Join our June meeting for an interactive workshop focusing on what this experience has changed for us and how we’ve adapted.  

    • How did your “Go Remote” plan work?  What could have been better?
    • What challenges did you face and how they were overcome, or are they still a challenge?
    • Keeping your team a team.  If support went remote as well, what worked to keep the band together?

    We look forward to the participation from the various industries - government, healthcare, finance, and others - that make up our membership and meeting attendees.



    Thank you to our meeting sponsors who will be available during our meeting.

    Aisera is the industry’s first AI Service Management (AISM) solution, streamlining a modern approach to service resolution.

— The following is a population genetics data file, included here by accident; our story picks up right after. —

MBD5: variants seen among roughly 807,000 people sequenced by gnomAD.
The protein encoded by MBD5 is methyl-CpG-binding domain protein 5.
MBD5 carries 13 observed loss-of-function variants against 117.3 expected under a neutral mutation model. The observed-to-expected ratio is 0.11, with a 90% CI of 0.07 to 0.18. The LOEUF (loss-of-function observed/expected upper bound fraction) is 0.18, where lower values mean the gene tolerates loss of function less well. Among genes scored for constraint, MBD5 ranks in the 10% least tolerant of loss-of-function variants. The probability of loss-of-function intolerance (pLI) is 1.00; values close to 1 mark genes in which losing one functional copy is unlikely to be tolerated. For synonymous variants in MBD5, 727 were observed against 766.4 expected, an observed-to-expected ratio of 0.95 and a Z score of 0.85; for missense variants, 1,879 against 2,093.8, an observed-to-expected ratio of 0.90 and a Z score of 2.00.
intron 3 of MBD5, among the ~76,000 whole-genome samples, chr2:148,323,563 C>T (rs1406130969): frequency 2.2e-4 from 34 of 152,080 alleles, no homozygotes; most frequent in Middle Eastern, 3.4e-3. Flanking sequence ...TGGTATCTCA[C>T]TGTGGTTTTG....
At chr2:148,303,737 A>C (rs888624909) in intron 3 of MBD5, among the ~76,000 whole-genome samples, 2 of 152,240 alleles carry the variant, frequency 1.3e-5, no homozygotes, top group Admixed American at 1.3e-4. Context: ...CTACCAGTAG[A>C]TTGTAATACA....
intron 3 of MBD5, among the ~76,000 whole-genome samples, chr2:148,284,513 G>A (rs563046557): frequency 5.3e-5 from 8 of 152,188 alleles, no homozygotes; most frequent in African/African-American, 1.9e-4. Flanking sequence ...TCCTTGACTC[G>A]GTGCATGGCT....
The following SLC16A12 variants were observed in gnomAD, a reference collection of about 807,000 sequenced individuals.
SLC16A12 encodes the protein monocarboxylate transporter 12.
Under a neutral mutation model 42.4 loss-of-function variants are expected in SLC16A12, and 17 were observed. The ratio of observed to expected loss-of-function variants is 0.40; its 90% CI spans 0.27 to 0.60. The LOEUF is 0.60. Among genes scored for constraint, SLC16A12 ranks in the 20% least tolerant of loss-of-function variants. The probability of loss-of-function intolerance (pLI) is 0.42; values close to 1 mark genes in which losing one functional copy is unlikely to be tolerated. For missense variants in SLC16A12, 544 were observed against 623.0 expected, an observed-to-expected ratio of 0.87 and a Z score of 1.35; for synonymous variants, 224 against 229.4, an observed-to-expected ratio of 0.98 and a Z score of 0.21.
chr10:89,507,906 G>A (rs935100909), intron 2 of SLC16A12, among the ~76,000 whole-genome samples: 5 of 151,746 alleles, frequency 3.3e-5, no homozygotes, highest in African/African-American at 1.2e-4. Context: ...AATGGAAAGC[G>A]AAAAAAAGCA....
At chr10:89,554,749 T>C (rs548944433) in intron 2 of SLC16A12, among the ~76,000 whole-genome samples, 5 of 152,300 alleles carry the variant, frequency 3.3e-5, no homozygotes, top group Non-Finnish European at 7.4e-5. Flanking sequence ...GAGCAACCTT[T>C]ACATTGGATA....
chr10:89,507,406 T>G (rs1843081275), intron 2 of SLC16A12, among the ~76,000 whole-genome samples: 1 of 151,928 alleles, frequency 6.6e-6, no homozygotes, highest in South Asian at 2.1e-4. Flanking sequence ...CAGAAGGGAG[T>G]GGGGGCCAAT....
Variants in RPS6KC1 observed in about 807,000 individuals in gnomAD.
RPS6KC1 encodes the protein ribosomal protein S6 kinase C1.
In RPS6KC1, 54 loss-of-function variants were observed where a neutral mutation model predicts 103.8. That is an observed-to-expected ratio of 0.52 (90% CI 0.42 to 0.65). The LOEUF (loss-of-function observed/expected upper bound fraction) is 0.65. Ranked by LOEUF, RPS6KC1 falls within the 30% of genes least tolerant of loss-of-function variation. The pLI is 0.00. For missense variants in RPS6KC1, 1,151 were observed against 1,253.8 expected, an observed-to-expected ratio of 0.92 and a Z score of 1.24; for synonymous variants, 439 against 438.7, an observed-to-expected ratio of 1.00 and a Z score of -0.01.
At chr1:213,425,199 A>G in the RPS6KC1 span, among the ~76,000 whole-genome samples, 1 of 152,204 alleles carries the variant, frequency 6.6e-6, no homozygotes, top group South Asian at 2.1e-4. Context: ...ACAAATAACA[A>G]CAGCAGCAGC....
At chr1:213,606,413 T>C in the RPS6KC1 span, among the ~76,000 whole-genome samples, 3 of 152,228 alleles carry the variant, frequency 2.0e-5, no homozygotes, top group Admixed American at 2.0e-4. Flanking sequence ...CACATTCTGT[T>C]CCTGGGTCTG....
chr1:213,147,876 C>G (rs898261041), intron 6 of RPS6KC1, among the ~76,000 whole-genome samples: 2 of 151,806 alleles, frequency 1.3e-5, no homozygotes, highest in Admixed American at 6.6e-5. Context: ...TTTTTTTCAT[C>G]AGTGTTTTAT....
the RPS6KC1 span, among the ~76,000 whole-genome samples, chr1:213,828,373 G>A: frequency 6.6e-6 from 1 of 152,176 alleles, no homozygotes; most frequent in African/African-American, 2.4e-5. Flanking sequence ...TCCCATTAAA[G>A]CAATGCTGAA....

The BridgeTech team brings 45+ years of IT experience to every client, specializing in IT for legal, medical, and other professional services companies.

     

     

     

     

     

     

  • We are excited to announce that Jaya Srinivasan, Security Business Enabling Manager for the State of Oregon, will share a presentation - "3 things a CISO wishes IT Help Desk professionals knew about Cybersecurity" at our next local chapter meeting on December 3rd. Register now!